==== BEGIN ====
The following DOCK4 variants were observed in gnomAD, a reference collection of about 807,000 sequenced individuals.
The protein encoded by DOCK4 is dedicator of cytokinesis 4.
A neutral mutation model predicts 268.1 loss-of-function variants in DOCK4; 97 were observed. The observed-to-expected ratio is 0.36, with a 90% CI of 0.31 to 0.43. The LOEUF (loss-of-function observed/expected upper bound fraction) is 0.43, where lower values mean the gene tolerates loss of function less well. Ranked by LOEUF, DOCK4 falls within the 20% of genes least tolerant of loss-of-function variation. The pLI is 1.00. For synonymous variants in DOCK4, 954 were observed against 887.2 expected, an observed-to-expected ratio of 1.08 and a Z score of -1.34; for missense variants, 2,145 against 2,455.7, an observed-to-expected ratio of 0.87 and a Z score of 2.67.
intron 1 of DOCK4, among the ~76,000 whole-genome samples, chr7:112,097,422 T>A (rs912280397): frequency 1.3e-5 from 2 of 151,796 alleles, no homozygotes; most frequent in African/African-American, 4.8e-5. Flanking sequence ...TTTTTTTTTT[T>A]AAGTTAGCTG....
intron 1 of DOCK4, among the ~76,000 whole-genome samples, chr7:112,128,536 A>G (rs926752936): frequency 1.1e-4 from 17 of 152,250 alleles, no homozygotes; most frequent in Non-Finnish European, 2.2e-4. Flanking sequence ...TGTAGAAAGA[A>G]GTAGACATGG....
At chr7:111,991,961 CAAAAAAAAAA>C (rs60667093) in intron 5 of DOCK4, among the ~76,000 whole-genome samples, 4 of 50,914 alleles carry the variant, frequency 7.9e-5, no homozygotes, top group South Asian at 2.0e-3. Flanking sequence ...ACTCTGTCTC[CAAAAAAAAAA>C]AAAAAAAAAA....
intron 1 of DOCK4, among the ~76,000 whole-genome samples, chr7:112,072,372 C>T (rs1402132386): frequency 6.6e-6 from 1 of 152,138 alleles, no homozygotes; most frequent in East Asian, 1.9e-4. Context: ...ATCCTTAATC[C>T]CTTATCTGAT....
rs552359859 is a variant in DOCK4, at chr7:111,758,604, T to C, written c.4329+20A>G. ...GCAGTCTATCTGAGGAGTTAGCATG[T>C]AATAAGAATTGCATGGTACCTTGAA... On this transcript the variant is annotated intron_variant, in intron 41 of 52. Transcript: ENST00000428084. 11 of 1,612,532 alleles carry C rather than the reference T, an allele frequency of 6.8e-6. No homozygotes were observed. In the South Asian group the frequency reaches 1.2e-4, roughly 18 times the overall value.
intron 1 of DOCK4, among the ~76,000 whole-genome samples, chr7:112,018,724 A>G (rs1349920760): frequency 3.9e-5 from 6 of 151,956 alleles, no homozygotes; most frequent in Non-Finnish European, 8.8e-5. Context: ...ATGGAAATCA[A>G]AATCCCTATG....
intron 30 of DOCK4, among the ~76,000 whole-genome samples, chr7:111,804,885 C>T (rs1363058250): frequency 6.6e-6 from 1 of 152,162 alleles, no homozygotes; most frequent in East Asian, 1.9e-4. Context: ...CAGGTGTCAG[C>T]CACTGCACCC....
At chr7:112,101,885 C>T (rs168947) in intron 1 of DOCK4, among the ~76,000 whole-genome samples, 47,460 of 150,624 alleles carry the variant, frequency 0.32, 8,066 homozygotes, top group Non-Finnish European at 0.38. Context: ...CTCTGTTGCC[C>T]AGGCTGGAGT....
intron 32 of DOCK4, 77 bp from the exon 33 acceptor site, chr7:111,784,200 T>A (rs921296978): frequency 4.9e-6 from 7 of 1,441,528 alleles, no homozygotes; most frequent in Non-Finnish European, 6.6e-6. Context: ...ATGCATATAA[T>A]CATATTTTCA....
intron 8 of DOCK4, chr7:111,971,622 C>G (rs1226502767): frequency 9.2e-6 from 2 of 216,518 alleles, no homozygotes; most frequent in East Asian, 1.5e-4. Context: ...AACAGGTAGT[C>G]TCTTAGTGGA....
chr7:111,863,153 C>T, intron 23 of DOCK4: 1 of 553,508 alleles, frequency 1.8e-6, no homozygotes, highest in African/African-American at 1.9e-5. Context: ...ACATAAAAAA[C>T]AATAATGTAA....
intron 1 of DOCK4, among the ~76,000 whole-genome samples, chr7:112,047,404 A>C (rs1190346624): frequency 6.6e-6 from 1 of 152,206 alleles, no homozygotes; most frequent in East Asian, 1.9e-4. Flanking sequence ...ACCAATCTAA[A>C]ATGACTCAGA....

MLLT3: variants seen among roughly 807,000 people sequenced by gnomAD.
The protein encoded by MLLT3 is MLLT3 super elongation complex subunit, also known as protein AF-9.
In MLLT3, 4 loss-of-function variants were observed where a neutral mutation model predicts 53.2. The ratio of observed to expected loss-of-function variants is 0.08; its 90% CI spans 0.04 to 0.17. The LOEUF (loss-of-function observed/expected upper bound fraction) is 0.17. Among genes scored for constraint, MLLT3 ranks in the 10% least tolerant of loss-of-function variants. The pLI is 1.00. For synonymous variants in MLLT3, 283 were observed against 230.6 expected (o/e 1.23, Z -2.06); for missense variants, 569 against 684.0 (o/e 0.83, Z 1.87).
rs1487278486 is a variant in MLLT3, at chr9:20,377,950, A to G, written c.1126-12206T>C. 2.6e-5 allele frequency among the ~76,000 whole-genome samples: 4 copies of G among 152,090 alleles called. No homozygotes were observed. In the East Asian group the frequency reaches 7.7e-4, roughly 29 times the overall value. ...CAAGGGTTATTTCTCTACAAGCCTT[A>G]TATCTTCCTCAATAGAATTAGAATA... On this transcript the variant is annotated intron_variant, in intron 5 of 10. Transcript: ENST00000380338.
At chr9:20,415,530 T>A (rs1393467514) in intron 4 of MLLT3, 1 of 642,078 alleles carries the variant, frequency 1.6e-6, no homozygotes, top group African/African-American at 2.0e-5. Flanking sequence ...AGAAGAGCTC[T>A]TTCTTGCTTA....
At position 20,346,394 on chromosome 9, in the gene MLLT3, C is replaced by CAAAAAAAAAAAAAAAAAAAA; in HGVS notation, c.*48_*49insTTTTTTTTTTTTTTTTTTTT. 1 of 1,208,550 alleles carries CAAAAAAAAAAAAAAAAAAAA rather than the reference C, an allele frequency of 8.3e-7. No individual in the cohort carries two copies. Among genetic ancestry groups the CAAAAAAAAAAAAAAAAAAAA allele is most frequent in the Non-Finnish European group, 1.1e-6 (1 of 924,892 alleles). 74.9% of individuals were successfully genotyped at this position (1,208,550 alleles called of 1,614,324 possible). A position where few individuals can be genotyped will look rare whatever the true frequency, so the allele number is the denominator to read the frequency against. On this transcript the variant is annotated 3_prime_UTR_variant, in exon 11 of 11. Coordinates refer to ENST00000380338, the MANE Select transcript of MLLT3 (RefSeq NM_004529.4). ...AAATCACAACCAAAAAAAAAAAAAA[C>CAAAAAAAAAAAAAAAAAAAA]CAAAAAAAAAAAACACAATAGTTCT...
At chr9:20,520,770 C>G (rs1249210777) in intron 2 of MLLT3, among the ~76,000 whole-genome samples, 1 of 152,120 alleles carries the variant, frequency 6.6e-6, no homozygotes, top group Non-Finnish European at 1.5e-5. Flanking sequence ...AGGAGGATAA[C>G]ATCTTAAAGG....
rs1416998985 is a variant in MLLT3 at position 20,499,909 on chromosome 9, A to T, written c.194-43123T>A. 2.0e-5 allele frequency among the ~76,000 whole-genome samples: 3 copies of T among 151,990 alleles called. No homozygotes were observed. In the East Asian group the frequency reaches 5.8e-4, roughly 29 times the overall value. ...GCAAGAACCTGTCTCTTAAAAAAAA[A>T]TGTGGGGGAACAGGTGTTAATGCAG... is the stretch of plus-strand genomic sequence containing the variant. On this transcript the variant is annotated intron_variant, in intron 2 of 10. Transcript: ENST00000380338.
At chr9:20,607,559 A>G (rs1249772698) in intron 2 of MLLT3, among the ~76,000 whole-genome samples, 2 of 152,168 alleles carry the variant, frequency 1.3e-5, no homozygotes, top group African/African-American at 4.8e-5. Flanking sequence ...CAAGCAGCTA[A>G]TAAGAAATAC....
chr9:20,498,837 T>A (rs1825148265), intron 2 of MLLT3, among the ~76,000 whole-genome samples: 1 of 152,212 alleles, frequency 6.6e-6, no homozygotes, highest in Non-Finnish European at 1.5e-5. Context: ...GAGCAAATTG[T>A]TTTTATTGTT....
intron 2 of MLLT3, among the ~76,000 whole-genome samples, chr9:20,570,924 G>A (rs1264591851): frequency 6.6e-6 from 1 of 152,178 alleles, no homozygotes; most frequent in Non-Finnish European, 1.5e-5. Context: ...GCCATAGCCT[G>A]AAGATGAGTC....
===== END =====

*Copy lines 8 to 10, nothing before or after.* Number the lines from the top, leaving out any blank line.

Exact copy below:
rs552359859 is a variant in DOCK4, at chr7:111,758,604, T to C, written c.4329+20A>G. ...GCAGTCTATCTGAGGAGTTAGCATG[T>C]AATAAGAATTGCATGGTACCTTGAA... On this transcript the variant is annotated intron_variant, in intron 41 of 52. Transcript: ENST00000428084. 11 of 1,612,532 alleles carry C rather than the reference T, an allele frequency of 6.8e-6. No homozygotes were observed. In the South Asian group the frequency reaches 1.2e-4, roughly 18 times the overall value.
intron 1 of DOCK4, among the ~76,000 whole-genome samples, chr7:112,018,724 A>G (rs1349920760): frequency 3.9e-5 from 6 of 151,956 alleles, no homozygotes; most frequent in Non-Finnish European, 8.8e-5. Context: ...ATGGAAATCA[A>G]AATCCCTATG....
intron 30 of DOCK4, among the ~76,000 whole-genome samples, chr7:111,804,885 C>T (rs1363058250): frequency 6.6e-6 from 1 of 152,162 alleles, no homozygotes; most frequent in East Asian, 1.9e-4. Context: ...CAGGTGTCAG[C>T]CACTGCACCC....